Falluja Humanitarian Crisis


ALLUJA, Iraq, Nov 10 (Reuters) - Fighting in Falluja has created a
humanitarian disaster in which innocent people are dying because medical
help cannot reach them, aid workers in Iraq said on Wednesday.

In one case, a pregnant woman and her child died in a refugee camp west of
the city after the mother unexpectedly aborted and no doctors were on hand,
Firdoos al-Ubadi, an official from the Iraqi Red Crescent Society, told
Reuters.

In another case, a young boy died from a snake bite that would normally
have been easily treatable, she said.

"From a humanitarian point of view it's a disaster, there's no other way to
describe it. And if we don't do something about it soon, it's going to
spread to other cities," she said...

Between a nightly curfew and the danger of venturing onto the streets, many
are effectively trapped at home.

"We've asked for permission from the Americans to go into the city and help
the people there but we haven't heard anything back from them," Ubadi said.
"There's no medicine, no water, no electricity. They need our help."

The Red Crescent Society has teams of doctors and relief experts ready to
go in to each of Falluja's districts with essential aid, but needs U.S.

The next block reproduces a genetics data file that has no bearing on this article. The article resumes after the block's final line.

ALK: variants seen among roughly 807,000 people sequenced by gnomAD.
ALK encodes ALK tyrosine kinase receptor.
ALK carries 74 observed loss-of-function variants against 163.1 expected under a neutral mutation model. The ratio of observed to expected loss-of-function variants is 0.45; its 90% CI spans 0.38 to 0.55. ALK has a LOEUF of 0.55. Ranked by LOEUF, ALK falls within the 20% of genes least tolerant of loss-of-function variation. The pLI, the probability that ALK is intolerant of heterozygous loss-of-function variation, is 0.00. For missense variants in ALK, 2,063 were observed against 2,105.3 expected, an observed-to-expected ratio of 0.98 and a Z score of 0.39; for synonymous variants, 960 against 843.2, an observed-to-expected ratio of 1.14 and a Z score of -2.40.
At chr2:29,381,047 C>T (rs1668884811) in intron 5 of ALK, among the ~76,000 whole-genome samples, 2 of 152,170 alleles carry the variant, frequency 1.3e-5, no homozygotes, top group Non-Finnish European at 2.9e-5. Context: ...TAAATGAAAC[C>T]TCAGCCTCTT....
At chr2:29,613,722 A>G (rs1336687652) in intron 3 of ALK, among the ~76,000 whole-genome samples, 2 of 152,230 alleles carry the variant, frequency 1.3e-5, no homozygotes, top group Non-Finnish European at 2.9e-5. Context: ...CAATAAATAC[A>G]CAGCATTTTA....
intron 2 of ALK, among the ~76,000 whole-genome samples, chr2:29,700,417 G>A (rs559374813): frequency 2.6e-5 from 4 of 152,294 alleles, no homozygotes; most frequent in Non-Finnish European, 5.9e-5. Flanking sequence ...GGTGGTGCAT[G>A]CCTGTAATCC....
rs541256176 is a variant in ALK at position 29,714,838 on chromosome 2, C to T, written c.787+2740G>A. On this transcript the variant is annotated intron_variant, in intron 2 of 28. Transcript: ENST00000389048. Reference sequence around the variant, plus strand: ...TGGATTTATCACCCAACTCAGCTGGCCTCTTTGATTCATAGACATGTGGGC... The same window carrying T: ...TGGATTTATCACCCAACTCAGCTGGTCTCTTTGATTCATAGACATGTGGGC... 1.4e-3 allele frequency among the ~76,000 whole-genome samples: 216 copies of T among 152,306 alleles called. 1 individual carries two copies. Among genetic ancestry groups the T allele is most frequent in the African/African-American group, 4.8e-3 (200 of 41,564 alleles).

approval first.

The U.S. military was not immediately available to comment on the aid
agency's request, but has said its first priority is to defeat the rebels
holed up in Falluja…

On Tuesday, a 9-year-old boy died after being hit in the stomach by
shrapnel. His parents were unable to get him to hospital because of the
fighting and so resorted to wrapping a sheet around him to stem the blood
flow.

He died hours later of blood loss and was buried in the garden of the
family home.

"We buried him in the garden because it was too dangerous to go out," said
his father, teacher Mohammed Abboud. "We did not know how long the fighting
would last."

The International Committee for the Red Cross says there are thousands of
elderly and women and children who have had no food or water for days. At
least 20,000 have gathered in the town of Saqlawiya, south of Falluja.

"The Red Cross is very worried. We urge all combatants to guarantee passage
to those who need medical care, regardless of whether they are friends or
enemies," spokesman Ahmad al-Raoui said. "They must be allowed to return
home as soon as possible."

Aid workers say there are still hundreds of families left in the city,
which has been pummelled by sustained aerial bombardment and artillery fire
in recent days.

"We know of at least 157 families inside Falluja who need our help," said
Ubadi.

For some it is already too late.

One mother and her three daughters had intended to flee but their home was
hit by a bombardment earlier this week and all died, neighbours who escaped
told aid workers

 


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